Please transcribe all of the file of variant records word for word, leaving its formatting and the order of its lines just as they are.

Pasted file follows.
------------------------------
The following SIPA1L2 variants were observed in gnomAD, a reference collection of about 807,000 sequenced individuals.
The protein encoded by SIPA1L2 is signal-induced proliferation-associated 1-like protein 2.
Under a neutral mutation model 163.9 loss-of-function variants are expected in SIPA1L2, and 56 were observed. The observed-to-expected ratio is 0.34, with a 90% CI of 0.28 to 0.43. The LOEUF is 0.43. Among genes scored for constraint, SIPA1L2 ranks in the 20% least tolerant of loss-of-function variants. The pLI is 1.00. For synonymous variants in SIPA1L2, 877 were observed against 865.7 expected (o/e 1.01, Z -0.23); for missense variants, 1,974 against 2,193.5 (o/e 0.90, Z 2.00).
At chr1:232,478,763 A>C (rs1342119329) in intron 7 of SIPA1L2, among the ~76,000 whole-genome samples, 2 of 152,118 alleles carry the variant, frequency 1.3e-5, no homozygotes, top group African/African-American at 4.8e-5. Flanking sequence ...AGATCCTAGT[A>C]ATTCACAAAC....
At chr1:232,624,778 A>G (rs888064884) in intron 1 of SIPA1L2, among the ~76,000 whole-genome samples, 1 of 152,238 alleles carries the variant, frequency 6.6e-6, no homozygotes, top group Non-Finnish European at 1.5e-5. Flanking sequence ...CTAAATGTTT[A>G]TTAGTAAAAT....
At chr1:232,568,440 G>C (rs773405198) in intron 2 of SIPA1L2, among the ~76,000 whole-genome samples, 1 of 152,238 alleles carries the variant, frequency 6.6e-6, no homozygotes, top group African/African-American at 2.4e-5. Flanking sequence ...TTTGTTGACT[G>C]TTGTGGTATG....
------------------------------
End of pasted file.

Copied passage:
The following SIPA1L2 variants were observed in gnomAD, a reference collection of about 807,000 sequenced individuals.
The protein encoded by SIPA1L2 is signal-induced proliferation-associated 1-like protein 2.
Under a neutral mutation model 163.9 loss-of-function variants are expected in SIPA1L2, and 56 were observed. The observed-to-expected ratio is 0.34, with a 90% CI of 0.28 to 0.43. The LOEUF is 0.43. Among genes scored for constraint, SIPA1L2 ranks in the 20% least tolerant of loss-of-function variants. The pLI is 1.00. For synonymous variants in SIPA1L2, 877 were observed against 865.7 expected (o/e 1.01, Z -0.23); for missense variants, 1,974 against 2,193.5 (o/e 0.90, Z 2.00).
At chr1:232,478,763 A>C (rs1342119329) in intron 7 of SIPA1L2, among the ~76,000 whole-genome samples, 2 of 152,118 alleles carry the variant, frequency 1.3e-5, no homozygotes, top group African/African-American at 4.8e-5. Flanking sequence ...AGATCCTAGT[A>C]ATTCACAAAC....
At chr1:232,624,778 A>G (rs888064884) in intron 1 of SIPA1L2, among the ~76,000 whole-genome samples, 1 of 152,238 alleles carries the variant, frequency 6.6e-6, no homozygotes, top group Non-Finnish European at 1.5e-5. Flanking sequence ...CTAAATGTTT[A>G]TTAGTAAAAT....
At chr1:232,568,440 G>C (rs773405198) in intron 2 of SIPA1L2, among the ~76,000 whole-genome samples, 1 of 152,238 alleles carries the variant, frequency 6.6e-6, no homozygotes, top group African/African-American at 2.4e-5. Flanking sequence ...TTTGTTGACT[G>C]TTGTGGTATG....